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Captain America - a review

Put simply, I loved this movie. To my great surprise, it quite likely eclipsed Iron Man 1 as my favorite Marvel movie. Review ahead, heavily influenced by my biases.

As with Superman, its really hard to get Captain America. He's an iconic hero, square-jawed, heroic, compassionate, seemingly faultless and just generally a good guy. Angsty, broody heroes like the Bat - his parents are dead! - are actually easier to write, I think, than a character like the Kryptonian or the Captain simply because normal people get being angsty and broody, but have a much harder time coming to grips with the notion that people can be selfless heroes, even though we see it all the time with soldiers who volunteer to wade through the dirt and muck and blood to defend a (sometimes ungrateful) nation, or the firefighter who rushes back into an inferno to rescue a kid when every human instinct is screaming to stay away. Just look at the guys who went back into the Towers after 9/11 for a perfect example.

Even more, Captain America represents an ideal that, too often, seems dead and buried, especially in this modern age of cynicism and the decline of a once great nation. This is a guy who stands for Truth, Justice, and the American Way (like Superman used to before DC turned him into a "citizen of the world"), and he wears a costume that reflects his American upbringing. Only in the 1940s, when America was staggering out of the Depression and stumbling into world power status to face the Nazi threat, could a character like CA be created - do it today and you'd be laughed at or accused of being a simplistic, jingoistic "tea bagger" (but hey, that's okay, because insulting conservatives is always okay in this decaying age, and if you can work in an unnecessary and frankly pedantic jab at Fox News, why that's even better.)

Modern sensibilities have rendered a character like Captain America tragically obsolete, even though he's needed now more than ever. Millions of my countrymen scoff at the notion of American exceptionalism, or buy into the drivel that the United States is the focus of modern evil (this part is especially sad when you look at the sheer madness that has consumed the world in the form of militant jihadism), or are simply embarrassed by the very idea that America can be a force for right. Hollywood churns out dozens of anti-American flicks every year, even though they're generally box office flops - gee, I wonder why?

So with that in mind, I was very much worried that Captain America: The First Avenger would turn out to be an utter waste of time that insulted my sense of patriotism. Comments from the director didn't encourage me, nor did rumors that they were going to release the movie overseas under the title "The First Avenger" to avoid offending anti-American types. Even when the first reviews started trickling out and all were uniformly positive, I was hesitant. Hollywood had burned me too often, and Marvel has been on such an role this year, what with Thor (which kicked ass) and X-Men: First Class (which did the same). So I went into this movie really wanting it to rule.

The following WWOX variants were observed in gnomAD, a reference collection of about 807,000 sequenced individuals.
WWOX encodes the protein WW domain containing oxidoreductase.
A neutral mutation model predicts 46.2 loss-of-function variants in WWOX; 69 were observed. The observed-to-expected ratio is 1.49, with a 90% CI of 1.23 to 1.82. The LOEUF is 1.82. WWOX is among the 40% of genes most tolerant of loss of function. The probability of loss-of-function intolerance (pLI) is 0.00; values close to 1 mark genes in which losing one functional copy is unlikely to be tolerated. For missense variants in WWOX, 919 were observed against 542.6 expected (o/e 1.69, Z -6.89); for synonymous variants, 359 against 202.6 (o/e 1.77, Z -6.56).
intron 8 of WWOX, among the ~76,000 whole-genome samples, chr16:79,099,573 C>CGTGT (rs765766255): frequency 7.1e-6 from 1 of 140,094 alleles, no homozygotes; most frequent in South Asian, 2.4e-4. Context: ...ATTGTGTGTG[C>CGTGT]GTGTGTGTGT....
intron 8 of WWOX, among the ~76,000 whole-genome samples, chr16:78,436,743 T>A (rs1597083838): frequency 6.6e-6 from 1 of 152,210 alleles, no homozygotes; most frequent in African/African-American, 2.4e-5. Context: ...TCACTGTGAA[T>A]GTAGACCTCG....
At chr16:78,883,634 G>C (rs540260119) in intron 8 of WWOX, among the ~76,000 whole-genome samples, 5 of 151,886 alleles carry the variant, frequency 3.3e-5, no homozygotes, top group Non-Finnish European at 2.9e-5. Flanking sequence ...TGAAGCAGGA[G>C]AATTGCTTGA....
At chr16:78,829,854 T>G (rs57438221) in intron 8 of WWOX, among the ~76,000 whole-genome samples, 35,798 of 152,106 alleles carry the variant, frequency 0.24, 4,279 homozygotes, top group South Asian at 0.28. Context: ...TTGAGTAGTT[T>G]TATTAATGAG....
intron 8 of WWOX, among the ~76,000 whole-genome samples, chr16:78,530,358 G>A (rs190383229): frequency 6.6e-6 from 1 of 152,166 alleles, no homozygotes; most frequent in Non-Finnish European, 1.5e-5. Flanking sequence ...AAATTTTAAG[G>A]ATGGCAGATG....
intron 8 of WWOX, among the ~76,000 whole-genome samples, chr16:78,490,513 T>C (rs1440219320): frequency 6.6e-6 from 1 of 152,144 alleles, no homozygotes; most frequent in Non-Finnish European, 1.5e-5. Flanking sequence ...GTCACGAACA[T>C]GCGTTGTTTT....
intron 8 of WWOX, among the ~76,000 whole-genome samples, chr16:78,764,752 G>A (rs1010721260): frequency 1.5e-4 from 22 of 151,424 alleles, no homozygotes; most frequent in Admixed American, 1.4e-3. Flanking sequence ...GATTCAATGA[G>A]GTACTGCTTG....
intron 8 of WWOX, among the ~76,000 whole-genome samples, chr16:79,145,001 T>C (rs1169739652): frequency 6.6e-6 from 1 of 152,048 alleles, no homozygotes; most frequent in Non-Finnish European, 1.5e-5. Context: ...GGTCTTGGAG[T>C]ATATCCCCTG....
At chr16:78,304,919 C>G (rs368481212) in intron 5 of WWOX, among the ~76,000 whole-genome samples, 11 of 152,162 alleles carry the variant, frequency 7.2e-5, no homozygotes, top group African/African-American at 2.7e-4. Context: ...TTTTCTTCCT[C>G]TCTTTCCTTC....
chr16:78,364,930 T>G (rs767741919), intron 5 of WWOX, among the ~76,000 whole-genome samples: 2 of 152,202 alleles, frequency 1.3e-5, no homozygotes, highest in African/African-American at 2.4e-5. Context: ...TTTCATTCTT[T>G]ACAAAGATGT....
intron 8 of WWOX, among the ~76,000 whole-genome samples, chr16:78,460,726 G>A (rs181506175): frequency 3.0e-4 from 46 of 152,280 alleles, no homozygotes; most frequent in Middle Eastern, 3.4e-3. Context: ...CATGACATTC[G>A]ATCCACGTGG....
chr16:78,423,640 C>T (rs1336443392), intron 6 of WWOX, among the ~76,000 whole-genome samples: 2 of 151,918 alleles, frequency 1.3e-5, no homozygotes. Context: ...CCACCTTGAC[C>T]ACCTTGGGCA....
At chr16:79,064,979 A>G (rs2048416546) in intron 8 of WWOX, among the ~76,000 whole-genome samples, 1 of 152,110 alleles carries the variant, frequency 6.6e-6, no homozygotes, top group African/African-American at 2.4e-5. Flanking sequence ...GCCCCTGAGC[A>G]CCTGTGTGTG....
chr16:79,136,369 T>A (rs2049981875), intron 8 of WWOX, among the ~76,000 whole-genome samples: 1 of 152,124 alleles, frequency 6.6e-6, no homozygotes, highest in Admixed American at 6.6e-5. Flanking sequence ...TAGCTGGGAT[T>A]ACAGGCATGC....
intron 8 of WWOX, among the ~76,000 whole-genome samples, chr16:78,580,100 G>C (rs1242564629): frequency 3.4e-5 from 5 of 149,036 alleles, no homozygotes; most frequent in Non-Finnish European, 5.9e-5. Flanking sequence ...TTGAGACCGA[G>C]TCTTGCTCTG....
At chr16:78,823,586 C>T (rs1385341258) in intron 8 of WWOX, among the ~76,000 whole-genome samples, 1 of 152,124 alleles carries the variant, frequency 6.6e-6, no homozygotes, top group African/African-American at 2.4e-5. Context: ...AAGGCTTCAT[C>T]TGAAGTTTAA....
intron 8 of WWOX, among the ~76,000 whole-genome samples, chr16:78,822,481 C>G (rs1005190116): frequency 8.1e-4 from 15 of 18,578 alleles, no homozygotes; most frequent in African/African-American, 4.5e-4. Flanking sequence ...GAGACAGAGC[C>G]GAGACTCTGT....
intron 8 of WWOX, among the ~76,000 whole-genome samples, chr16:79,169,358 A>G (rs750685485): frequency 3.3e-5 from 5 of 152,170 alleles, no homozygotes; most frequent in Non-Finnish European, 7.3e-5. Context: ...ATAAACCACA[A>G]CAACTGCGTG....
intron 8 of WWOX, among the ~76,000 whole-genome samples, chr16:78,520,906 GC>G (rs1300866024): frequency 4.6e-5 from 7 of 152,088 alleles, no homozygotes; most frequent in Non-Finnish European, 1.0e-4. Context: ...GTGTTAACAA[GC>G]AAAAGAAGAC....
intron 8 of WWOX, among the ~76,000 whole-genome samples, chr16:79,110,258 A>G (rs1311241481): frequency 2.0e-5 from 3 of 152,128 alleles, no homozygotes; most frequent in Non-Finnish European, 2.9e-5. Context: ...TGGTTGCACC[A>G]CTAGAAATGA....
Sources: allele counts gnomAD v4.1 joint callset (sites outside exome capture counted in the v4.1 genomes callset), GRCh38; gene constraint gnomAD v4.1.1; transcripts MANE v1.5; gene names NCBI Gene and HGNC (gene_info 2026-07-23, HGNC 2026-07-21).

And it did. Oh, yes. It did.

Major props must go to Chris Evans who played Steve Rogers, aka Captain America, for his decision to stick to the source material and not play the wise ass he usually portrays. Instead, he played the anti Spider-Man - where Peter Parker must have responsibility thrust upon him by way of tragedy, Rogers actively seeks it out because, in his mind, he has no right to do anything less than the guys overseas fighting the Nazis. No, he doesn't want to kill people, he just wants to do his part to help the nation of his birth. I was quite concerned about his casting, but he laid all of those doubts to rest.

Hugo Weaving is excellent as the Red Skull ... but seriously? When hasn't he been excellent? Even in utter crap like the two Matrix sequels or the terrible "V for Vendetta", Hugo is awesome. Ditto that with Stanley Tucci, who really does a bang up job of the scientist responsible for Captain America.

The tie-ins to the other Marvel movies are both subtle - the Skull's energy weapons sound identical to Iron Man's repulsors - and blatant - the cosmic cube is tied into The Mighty Thor. Interestingly enough, there are other little tie-ins that I adored: you see the original Human Torch very briefly, and the Howling Commandos are there, and they did multiple incarnations of the Captain America suit that all made perfect sense, and ...

But I digress.

This is, thankfully, not the usual super-hero origin story. We don't have a brash, reckless, ass Learn A Lesson and Gain Humility As A Result (Iron Man, Thor, the imminently avoidable Green Lantern), but rather is a war movie that happens to have a super hero in it. Steve is already humble and, even though he's now superhuman, he doesn't lose sight of his old personality. He is a Hero, which is sorely needed wherever or whenever you are.

Admittedly, there are some plot holes that are seriously fridge logic - if the vibranium shield completely absorbs all vibrations, then how could Steve bounce it at all? Or, why exactly did he go into suspended animation instead of just dying? But then, this is a comic book universe, so belief was easily suspended. Especially since they made an actual Raiders of the Lost Ark nod which just made my freaking day.

So in the end, I left the theater giddy and pleased, not the least of which due to Avengers trailer after the credits. Its odd to see a movie from Hollywood that celebrates being an American Hero, but I would very much like to see more.

Five out of Five. I fully intend on seeing this movie again and very, very soon.


( 1 comment — Leave a comment )
Jul. 22nd, 2011 07:06 pm (UTC)
Awesome! Know what I'm doing tonight now!
( 1 comment — Leave a comment )